What Should the Humidity Level be in your Home?

What Should the Humidity Level be in your Home?

Have you ever heard that it isn’t the heat and that it is actually humidity? This particular cliché looks at a basic benefit of controlling household humidity, as it can help ensure you feel more comfortable. However, by working to ensure that your home’s humidity is in check, you can work to control the indoor air quality in the home. Though each person is a bit different when it comes to what feels the most comfortable, the Environmental Protection Agency (EPA) recommends that you maintain humidity levels between 30 and 50 percent to improve the quality of air in your home.

How Your Comfort Is Impacted by Humidity

The role of humidity in your comfort is ultimately supported by science. The body is cooled off on its own by sweating, and the amount of sweat that you produce is impacted by how much moisture is in the air. When there is excess humidity in the air, then your sweat will end up evaporating slower, which makes you feel less comfortable and hotter. In addition, higher humidity levels will impact the furnishings and finishes in your home, including peeling your wallpaper and paint or causing stains.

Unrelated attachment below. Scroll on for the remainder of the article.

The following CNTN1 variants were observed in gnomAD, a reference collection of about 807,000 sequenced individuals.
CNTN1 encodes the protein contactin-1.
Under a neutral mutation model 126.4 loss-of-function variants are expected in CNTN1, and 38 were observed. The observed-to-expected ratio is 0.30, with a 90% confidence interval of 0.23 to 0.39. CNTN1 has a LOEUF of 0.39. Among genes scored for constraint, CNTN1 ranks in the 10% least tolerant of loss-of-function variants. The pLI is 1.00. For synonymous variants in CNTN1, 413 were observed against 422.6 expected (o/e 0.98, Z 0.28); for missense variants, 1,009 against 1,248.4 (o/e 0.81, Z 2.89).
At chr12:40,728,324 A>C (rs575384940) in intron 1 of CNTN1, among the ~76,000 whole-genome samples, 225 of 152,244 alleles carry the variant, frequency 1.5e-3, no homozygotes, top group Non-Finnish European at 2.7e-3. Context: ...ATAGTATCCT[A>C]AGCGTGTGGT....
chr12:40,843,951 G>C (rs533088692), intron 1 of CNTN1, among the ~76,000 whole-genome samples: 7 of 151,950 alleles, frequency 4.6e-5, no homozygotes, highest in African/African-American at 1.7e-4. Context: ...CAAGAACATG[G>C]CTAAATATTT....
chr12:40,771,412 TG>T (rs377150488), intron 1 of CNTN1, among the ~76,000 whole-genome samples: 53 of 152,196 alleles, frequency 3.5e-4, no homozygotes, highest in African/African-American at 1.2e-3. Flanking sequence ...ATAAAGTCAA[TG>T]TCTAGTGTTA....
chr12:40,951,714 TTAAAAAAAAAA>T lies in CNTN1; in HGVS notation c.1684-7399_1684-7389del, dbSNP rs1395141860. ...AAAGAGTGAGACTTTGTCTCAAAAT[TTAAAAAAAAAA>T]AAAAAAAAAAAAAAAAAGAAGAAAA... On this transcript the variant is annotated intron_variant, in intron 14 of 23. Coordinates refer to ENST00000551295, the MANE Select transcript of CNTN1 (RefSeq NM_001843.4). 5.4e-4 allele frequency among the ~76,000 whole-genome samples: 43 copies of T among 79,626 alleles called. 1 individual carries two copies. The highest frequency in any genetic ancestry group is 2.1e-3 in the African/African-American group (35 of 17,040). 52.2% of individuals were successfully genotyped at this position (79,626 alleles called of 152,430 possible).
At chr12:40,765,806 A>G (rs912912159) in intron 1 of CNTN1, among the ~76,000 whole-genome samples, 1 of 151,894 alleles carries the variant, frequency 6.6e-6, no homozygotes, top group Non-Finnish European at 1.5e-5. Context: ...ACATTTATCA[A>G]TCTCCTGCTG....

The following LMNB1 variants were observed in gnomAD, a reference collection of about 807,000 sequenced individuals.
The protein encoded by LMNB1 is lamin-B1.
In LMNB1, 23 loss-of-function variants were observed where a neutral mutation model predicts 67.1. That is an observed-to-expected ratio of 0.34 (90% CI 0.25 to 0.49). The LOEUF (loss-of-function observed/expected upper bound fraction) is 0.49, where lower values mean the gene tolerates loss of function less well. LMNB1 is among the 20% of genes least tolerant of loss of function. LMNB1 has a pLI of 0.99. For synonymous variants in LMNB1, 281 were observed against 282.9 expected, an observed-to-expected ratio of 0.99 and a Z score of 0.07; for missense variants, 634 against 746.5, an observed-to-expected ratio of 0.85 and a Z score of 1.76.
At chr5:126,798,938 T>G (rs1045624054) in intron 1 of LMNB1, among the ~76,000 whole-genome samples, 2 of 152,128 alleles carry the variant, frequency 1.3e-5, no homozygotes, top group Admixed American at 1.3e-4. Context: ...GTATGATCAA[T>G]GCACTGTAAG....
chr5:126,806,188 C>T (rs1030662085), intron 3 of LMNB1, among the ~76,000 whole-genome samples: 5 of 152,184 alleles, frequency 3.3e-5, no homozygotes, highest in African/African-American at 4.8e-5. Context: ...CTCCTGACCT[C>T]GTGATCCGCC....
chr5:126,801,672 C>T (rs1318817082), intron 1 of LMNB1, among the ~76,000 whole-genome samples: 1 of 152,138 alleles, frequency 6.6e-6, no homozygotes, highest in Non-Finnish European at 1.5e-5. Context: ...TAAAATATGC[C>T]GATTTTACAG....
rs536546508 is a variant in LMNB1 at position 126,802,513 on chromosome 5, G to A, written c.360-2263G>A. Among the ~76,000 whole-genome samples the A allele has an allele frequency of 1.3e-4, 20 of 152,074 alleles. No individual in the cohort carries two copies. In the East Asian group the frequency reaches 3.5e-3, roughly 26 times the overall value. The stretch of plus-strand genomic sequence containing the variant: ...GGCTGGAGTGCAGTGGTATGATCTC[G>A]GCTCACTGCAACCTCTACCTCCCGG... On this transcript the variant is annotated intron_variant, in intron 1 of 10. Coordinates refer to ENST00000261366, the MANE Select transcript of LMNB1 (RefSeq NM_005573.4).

On the other hand, lower humidity levels, which tends to be associated with heated indoor air and cooler climates, can cause discomfort with dry throats, nasal passages, or dry skin.

How Indoor Air Quality Is Impacted by Humidity

Concentrations of pollutants inside the home can be impacted by the levels of humidity indoors. An example is the connection of high levels of indoor humidity and increased possibilities of mold growth. Keeping the indoor humidity levels between the previously mentioned 30 and 50 percent is recommended because controlling moisture is the key to controlling mold, as the EPA states. 

How Humidity Can Be Controlled

You can assist in humidity control in certain areas or rooms of the home by utilizing a portable dehumidifier, using a vaporizer, using the range hood fan while cooking, or using the bathroom fun while showering. 

If you would like a whole-home and more controlled approach to humidity control, here are a few tips:

  • Run your central AC over the course of the summer since it can dehumidifier as it works to cool the home. 
  • Install a whole-home humidifier to offer relief from excessively dry air during the wintertime.
  • Consider having whole-home ventilation added, such as an energy recovery ventilator or a heat recovery ventilator. 

If you would like to learn more, get in touch with us at Annette Hale's Indoor Comfort Systems, Inc. 

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